Navigating attendance changes

In the Fall of 2022, Webex Events launched a survey for the Event inspiration: trends and ideation workshop that found lower event attendance to be a major concern for event professionals.

When it comes to lower attendance, instead of just trying to increase attendance numbers, consider how you can lean into this new experience. Focusing on getting back to pre-pandemic numbers can be a slippery slope. You may spend more on the event and end up with the exact same results.

With a potential recession on the horizon and businesses slashing their budgets, you need to be prepared to adjust and move. The future of events is not necessarily about trying to become the biggest conference, but instead creating more intimate experiences. It’s about depth rather than breadth. 

If you want to grow event attendance, consider how event marketing looks different today. Prior to the pandemic, inbound marketing worked really well for us. But if you’re seeing diminishing returns, you have to think innovatively about your marketing.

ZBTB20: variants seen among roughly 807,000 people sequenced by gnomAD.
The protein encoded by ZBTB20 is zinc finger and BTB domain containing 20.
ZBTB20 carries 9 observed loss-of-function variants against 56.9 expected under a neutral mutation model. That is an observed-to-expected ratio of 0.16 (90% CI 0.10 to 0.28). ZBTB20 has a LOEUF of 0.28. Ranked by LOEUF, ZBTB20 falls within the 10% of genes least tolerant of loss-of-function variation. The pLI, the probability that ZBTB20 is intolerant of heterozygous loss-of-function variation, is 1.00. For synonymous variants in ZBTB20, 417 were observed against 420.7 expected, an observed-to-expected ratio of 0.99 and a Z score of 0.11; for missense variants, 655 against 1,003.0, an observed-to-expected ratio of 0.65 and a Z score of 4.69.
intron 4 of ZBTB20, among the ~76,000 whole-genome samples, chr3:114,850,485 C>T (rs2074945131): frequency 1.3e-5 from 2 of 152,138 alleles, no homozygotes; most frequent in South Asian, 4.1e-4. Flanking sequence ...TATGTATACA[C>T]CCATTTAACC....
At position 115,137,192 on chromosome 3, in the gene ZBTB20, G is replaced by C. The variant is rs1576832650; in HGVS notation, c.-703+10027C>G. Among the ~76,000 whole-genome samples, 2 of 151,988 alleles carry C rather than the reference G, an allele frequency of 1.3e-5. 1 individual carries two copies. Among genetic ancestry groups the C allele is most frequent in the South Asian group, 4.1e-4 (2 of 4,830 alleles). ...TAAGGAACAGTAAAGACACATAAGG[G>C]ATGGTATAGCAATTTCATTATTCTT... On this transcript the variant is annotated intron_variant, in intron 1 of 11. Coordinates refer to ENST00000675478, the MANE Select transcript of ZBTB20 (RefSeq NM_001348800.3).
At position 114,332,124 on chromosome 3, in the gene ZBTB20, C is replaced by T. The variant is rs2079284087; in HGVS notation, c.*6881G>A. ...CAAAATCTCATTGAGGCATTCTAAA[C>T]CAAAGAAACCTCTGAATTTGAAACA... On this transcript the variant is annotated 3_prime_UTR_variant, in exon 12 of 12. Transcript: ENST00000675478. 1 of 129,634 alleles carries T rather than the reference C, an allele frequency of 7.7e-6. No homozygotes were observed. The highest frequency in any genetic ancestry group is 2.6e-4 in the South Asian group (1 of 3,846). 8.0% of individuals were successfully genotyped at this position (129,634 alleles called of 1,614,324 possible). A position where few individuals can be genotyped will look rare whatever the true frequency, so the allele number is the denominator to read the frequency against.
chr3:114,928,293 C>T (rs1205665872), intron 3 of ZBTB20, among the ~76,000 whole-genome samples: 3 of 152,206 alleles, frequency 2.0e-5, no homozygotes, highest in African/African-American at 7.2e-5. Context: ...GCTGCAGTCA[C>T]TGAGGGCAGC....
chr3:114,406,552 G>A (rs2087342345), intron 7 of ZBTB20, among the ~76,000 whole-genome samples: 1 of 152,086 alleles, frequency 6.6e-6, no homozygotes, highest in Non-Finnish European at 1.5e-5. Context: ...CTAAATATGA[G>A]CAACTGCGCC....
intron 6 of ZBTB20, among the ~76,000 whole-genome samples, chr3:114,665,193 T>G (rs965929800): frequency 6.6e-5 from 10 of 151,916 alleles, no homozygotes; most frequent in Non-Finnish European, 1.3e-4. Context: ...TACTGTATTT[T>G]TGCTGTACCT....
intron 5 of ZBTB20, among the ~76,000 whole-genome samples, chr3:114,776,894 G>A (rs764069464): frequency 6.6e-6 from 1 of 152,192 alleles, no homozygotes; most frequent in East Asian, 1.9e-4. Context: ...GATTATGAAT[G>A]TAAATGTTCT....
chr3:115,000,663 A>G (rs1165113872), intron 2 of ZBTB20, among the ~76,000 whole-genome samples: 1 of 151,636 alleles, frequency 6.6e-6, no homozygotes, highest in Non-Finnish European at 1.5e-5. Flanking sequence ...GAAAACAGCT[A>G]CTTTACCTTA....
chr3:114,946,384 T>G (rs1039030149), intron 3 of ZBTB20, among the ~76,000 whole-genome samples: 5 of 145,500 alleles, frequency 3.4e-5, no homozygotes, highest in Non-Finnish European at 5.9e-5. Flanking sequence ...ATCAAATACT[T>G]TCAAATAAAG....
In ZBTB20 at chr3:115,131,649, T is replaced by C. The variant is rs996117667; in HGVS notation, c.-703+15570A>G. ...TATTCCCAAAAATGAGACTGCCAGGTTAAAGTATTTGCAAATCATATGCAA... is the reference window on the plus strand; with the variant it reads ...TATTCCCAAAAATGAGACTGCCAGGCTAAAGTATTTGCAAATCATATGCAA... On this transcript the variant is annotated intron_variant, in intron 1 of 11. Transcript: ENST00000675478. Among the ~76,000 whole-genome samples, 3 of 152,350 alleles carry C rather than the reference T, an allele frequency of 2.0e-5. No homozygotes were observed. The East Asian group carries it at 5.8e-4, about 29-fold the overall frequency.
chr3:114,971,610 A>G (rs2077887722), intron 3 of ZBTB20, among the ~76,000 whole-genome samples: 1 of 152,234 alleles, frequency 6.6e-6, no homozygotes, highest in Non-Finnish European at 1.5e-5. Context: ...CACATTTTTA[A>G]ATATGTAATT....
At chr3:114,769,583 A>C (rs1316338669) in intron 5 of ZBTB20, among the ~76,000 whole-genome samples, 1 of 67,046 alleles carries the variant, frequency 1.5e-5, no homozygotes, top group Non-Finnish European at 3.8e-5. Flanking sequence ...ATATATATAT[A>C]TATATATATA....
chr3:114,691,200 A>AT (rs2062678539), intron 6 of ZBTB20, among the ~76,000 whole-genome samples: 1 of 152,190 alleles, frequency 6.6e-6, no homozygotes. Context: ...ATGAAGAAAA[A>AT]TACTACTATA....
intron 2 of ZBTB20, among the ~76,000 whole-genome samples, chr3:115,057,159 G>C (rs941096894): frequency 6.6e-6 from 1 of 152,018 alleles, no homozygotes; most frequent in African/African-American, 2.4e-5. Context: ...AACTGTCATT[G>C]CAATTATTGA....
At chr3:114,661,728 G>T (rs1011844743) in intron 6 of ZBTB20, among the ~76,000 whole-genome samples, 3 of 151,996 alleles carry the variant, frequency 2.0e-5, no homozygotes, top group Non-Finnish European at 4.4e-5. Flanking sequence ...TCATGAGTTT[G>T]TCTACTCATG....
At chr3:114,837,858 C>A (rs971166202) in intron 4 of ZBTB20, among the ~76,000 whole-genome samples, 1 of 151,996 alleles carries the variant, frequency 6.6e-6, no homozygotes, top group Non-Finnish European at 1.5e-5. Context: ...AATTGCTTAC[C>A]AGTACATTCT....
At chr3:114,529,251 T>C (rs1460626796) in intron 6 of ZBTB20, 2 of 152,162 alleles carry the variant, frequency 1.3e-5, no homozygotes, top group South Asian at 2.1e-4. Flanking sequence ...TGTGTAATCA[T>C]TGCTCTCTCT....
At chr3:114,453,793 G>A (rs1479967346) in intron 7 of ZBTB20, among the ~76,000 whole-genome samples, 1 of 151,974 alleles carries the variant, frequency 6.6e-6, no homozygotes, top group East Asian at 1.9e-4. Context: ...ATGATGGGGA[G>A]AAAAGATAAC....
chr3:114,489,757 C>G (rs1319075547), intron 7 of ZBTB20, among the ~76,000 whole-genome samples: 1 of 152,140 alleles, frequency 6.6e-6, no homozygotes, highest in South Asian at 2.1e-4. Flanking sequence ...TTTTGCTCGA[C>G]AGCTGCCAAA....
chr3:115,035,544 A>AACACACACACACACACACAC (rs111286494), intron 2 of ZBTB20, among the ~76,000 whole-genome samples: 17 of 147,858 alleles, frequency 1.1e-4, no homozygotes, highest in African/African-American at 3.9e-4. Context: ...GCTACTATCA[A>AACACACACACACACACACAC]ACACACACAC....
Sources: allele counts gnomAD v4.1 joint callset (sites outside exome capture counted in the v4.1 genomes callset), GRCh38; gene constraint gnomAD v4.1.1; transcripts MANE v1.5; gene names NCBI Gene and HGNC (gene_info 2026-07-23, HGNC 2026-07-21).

Focus on creating a word-of-mouth strategy. If you build an amazing experience, attendees will talk about it, and you won’t have to push hard for registrations. Your event will grow and sell on its own.

One trend that emerged in the last year is that you absolutely have to prove the data and ROI of your events. With budgets getting tighter and executives looking at the bottom line of events, you need to be able to analyze and make decisions based on the data. 

Get into the weeds with the data, or chances are you’re going to get blindsided with potential budget decreases, or you might end up poorly planning your next event because you didn’t consider what the data says.

I’m also seeing event professionals figuring out how to incorporate digital and virtual events into their entire event strategy. While we might’ve moved away from virtual-only events, digital is still a very important part of a larger events strategy, whether it’s a series of webinars leading up to your event, or live streaming part of your in-person event.

Leveraging event tech to enhance in-person events

Event technology is far more commonplace at in-person events than pre-pandemic times. Previously, maybe you’d have an event app with the schedule, directory, and a list of speakers. Now, people absolutely expect the ability to look at the attendee list and quickly connect and message each other.

We’re really fortunate with how we can use event technology to reach more people than ever before. If you have an in-person conference with 500 attendees, you can turn it into a hybrid experience and reach thousands of attendees.